To accommodate the couple’s desire to age in place and ultimately remain in the apartment as long as possible, their architect added accessible design features in the bathrooms. Materials and design were also implemented for easy maintenance, such as closets to keep spaces clutter-free, large-scale bath ceramic tile that required less grout, and moisture- and heat-resistant Caesarstone kitchen countertops.
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(Befores above) Dining room cabinets replaced the closets (l.); kitchen entry located to the right. The wall was removed.
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In the common spaces, a reconfigured layout maximized the open space for entertaining and cooking. A windowed den was previously accessible through the kitchen, but a reorientation connected it to the living room, which made more sense. The den could double as a guest room when necessary but would serve as a corner office on a daily basis. The pocket doors, which created an opening of six feet, could be left open so that more natural light entered the living room.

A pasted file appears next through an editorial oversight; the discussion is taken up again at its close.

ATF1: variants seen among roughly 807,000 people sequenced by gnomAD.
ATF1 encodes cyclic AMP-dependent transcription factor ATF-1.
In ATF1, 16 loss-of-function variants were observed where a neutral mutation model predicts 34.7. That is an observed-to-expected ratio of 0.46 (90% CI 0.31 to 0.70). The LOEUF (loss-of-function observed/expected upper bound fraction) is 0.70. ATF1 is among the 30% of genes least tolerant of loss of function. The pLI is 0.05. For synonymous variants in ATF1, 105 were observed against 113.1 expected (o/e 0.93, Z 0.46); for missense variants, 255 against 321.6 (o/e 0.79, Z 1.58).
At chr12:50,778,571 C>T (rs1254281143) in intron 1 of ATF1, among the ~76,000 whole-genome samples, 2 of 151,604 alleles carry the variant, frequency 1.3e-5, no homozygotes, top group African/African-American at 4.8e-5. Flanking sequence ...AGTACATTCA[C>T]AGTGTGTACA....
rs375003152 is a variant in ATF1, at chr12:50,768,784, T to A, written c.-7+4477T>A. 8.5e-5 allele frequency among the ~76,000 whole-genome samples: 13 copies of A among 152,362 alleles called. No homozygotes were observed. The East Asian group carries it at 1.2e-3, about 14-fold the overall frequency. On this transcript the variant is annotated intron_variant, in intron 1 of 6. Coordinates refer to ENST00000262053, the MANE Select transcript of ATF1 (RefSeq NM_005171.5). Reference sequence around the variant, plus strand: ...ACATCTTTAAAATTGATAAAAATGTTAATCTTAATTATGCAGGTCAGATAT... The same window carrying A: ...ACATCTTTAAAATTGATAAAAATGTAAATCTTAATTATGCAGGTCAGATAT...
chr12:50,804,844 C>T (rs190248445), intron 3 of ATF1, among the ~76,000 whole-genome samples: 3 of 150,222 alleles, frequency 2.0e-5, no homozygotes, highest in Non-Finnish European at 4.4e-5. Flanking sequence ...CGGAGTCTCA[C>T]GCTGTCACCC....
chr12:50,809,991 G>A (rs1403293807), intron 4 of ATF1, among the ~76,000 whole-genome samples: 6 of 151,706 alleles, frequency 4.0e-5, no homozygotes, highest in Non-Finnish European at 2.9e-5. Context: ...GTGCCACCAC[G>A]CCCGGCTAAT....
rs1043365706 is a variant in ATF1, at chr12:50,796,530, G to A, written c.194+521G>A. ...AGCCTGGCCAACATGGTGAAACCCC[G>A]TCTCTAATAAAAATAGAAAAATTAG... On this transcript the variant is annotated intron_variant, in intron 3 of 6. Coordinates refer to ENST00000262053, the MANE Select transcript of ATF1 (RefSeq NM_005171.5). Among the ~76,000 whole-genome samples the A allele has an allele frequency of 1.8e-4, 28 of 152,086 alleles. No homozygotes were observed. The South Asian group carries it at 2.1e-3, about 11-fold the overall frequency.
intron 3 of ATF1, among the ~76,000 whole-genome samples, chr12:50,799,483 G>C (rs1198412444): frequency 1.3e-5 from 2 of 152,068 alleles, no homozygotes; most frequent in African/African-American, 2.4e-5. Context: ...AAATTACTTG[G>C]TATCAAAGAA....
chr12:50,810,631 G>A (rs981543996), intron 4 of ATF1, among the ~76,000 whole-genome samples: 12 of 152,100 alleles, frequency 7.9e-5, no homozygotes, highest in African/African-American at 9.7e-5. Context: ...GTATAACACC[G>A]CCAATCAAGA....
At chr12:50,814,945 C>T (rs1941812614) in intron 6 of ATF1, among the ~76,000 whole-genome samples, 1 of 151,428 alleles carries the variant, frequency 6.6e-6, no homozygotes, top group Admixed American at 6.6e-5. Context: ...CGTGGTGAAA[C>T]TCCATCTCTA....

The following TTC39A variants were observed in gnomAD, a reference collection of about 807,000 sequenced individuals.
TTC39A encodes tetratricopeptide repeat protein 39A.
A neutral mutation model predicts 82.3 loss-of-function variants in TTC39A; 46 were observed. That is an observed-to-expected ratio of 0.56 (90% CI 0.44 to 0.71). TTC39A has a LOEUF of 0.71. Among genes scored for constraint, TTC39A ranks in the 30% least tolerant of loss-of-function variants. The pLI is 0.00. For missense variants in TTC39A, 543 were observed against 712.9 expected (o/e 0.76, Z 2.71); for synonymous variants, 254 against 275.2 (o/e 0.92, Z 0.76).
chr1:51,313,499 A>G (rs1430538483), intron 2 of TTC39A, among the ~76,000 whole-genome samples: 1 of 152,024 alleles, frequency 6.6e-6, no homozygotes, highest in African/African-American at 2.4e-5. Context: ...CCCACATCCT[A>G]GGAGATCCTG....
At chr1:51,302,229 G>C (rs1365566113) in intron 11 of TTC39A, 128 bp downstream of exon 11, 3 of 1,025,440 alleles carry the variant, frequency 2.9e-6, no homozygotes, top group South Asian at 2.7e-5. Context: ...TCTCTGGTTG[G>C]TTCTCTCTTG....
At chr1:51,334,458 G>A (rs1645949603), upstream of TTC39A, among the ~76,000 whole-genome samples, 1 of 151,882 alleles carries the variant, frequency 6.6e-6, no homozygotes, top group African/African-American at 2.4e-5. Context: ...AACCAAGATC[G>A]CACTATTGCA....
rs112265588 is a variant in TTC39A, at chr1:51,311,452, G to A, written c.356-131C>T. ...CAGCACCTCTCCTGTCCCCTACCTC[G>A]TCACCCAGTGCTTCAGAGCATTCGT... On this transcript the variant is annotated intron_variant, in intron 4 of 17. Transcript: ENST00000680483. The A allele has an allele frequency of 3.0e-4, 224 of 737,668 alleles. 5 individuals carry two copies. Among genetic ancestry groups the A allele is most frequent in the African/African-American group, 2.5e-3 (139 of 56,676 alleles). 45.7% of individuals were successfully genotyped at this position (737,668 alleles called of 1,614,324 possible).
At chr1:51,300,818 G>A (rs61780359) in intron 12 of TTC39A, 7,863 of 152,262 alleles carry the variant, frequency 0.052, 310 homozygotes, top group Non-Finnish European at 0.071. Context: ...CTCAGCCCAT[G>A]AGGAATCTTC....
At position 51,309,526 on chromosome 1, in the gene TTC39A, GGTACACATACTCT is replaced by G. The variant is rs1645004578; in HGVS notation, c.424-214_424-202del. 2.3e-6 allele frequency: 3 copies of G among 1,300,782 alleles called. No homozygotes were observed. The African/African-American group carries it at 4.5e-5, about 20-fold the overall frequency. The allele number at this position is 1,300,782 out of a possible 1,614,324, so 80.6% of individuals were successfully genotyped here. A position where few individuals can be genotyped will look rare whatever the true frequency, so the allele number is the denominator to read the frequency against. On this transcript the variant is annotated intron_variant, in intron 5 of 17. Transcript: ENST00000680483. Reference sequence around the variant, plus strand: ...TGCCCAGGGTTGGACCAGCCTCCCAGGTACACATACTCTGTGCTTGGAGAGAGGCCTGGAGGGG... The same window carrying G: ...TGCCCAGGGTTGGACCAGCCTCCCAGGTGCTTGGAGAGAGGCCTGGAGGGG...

The kitchen, which previously had a tile floor, was re-laid with hardwood to match that in the living room. The new continuous flooring helped unify the now open-plan living area. “Our new kitchen was outfitted with gray IKEA Bodbyn cabinets and glossy deep crimson glass tiles for the backsplash. It’s the extra special spark to our gray kitchen,” Marie said. The tall upper cabinets take advantage of the high ceiling and provide extra storage space. “Based on our own past experience, we chose quartz countertops,” she added. “The fact that it is practically indestructible met our desire for a low-maintenance lifestyle.”